Question Video: Ordering and Comparing Numbers | Nagwa Question Video: Ordering and Comparing Numbers | Nagwa

Question Video: Ordering and Comparing Numbers Mathematics • First Year of Primary School

Which set of numbers is ordered from greatest to least? [A] 5, 6, 7, 8, 9. [B] 5, 7, 6, 8, 9. [C] 9, 8, 7, 6, 5.


Video Transcript

Which set of numbers is ordered from greatest to least? Five, six, seven, eight, nine. Five, seven, six, eight, nine. Or nine, eight, seven, six, five.

We’re given three sets of numbers here. And we’re asked which one of them is ordered from greatest to least. These last three words in the question are really important because as we read through our sets of numbers, we might have heard one set of numbers that sounded like it might be right. But before we start looking, we need to think about these last three words. What does it mean to order a set of numbers from greatest to least? We know that another way of saying the word greatest is largest, and another way of saying least is smallest.

We’re looking for a set of numbers that starts with the largest number and goes down and down and down until we get to the smallest number. You know when you walk down some stairs, we might say, “I’m descending the stairs.” Or going from greatest to least is descending order. We want our set of numbers to go down. Let’s use a number track to help us here. Now, we know that the numbers on the number track are written in order. If we read them from left to right, we start with the number one and we end with the number 10. They go up; they go from the least to the greatest.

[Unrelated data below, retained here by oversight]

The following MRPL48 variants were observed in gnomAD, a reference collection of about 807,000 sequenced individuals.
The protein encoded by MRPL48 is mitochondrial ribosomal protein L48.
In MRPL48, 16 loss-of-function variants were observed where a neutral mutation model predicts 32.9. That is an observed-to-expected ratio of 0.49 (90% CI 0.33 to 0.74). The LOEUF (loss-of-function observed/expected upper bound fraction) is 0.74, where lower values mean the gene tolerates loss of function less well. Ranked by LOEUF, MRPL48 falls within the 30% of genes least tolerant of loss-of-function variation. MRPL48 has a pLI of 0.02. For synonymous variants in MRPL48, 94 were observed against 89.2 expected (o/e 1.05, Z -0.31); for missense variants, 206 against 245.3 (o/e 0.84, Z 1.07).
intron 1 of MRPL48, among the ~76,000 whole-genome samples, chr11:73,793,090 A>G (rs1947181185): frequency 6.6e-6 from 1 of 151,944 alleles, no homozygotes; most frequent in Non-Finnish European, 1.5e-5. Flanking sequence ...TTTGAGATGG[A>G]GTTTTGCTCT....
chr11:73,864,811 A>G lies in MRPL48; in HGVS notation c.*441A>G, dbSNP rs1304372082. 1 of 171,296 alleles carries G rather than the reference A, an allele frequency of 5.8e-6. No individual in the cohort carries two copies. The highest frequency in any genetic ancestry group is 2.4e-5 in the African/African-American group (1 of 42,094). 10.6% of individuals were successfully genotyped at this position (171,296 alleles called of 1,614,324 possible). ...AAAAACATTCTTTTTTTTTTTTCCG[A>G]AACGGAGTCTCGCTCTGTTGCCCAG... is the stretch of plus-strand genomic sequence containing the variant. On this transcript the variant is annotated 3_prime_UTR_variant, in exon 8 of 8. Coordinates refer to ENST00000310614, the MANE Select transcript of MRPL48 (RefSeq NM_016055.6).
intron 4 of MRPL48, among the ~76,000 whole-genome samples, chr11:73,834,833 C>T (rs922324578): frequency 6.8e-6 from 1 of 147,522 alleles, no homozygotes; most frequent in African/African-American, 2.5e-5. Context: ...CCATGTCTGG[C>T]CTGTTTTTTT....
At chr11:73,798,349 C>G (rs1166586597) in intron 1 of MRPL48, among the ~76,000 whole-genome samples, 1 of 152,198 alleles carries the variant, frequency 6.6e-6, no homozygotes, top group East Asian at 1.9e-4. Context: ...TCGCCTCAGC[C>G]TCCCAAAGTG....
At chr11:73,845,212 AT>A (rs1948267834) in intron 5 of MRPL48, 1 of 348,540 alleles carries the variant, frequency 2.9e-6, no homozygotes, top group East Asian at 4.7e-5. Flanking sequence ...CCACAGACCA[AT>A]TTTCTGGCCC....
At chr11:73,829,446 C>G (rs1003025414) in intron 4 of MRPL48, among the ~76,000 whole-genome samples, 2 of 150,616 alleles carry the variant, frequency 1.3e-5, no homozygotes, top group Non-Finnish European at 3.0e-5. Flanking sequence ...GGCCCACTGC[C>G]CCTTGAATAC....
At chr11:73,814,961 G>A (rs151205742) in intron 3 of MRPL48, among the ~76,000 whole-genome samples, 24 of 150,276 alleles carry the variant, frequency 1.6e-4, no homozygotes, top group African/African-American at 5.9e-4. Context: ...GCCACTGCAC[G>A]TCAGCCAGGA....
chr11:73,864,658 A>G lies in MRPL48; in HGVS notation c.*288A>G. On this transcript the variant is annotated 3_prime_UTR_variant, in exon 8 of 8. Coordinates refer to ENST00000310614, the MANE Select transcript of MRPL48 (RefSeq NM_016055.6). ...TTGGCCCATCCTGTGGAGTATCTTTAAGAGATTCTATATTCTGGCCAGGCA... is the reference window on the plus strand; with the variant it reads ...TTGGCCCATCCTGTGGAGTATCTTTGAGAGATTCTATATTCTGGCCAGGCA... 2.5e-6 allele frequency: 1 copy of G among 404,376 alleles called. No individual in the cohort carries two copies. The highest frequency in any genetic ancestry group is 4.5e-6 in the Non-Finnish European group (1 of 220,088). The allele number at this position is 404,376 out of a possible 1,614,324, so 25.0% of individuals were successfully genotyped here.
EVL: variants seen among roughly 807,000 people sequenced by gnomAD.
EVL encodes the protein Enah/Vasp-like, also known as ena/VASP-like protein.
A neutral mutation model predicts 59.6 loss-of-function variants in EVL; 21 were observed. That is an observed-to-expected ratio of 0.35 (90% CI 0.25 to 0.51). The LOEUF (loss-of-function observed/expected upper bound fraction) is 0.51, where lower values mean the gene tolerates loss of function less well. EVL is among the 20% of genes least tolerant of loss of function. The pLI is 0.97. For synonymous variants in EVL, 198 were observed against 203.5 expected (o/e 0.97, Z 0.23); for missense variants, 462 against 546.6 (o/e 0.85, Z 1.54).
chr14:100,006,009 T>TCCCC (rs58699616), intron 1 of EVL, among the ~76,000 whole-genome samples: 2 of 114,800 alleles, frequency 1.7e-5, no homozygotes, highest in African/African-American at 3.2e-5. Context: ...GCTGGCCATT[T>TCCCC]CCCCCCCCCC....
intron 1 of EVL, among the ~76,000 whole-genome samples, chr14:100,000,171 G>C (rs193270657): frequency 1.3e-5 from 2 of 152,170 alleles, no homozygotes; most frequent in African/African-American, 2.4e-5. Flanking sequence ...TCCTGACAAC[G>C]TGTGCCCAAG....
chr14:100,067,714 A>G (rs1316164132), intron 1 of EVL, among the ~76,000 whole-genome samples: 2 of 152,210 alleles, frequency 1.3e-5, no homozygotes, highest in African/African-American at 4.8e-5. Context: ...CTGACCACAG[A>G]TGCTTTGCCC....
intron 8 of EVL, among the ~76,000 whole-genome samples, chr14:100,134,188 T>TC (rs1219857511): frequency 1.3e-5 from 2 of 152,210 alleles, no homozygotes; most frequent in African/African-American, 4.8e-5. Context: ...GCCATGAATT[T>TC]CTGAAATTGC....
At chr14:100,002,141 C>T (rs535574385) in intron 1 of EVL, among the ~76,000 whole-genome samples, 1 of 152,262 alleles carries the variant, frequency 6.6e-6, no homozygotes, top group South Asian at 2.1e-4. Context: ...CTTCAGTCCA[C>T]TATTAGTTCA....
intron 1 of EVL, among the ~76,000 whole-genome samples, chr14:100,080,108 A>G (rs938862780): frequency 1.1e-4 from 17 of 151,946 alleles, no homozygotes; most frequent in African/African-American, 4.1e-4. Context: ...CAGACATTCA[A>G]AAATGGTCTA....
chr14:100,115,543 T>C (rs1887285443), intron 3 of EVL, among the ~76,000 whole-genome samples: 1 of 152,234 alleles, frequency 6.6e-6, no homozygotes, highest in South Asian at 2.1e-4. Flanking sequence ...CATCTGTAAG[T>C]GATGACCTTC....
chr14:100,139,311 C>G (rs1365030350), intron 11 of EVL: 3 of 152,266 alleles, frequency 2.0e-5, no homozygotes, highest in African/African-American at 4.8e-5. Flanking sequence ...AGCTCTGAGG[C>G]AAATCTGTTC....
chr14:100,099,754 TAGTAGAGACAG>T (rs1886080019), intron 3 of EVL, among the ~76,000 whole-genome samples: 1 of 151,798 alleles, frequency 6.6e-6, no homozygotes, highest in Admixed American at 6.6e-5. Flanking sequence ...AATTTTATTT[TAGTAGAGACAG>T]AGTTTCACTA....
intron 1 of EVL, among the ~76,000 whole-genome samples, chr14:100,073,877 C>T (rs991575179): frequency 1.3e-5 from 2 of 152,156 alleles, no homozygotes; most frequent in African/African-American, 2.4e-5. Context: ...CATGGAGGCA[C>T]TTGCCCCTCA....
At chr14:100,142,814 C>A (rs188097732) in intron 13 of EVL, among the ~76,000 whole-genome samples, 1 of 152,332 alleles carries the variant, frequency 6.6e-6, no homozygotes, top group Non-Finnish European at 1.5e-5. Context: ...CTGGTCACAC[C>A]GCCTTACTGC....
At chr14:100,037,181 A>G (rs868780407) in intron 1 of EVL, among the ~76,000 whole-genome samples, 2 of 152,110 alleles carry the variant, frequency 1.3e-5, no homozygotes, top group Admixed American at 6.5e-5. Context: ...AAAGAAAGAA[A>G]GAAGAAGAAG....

But our question asked us to look for a set of numbers that’s in order from greatest to least. So, we need to read our number track in the opposite direction, from right to left, starting with the number 10 and ending with the number one. Now, which of our set of numbers is in this order? Let’s jump along our number track and see what we find. Our first set of numbers, five, six, seven, eight, nine. Well, these numbers are in order. We set them one after each other. But we’re travelling in the wrong direction here. We’re going from least to greatest. Our numbers are getting bigger each time. Five, six, seven, eight, nine. This is not descending order. This is ascending order. Our numbers are getting larger. But this set is not the correct answer.

Let’s try our second set. We’re starting with the number five again, seven, six. Well, let’s just stop there. These numbers are not in any kind of order. We’re traveling in all sorts of directions. The numbers five, seven, six, eight, nine are not in order at all. What about our final set of numbers starting with the number nine? Eight, seven. This looks like it could be the correct answer; we’re traveling in the right direction. Our numbers are getting smaller. Six, five. We can see that we started with the greatest of our numbers, which was nine. And we’ve ended with the least, which was the number five. Our numbers got smaller and smaller each time. Nine, eight, seven, six, five. It’s the same as counting backwards, isn’t it?

It would have been very easy to think that the right answer was five, six, seven, eight, nine because we used to say numbers that way. But we read the question really carefully. And we saw that we we’re being asked for a set of numbers that was ordered from greatest to least. And that set of numbers is nine, eight, seven, six, five.

Join Nagwa Classes

Attend live sessions on Nagwa Classes to boost your learning with guidance and advice from an expert teacher!

  • Interactive Sessions
  • Chat & Messaging
  • Realistic Exam Questions

Nagwa uses cookies to ensure you get the best experience on our website. Learn more about our Privacy Policy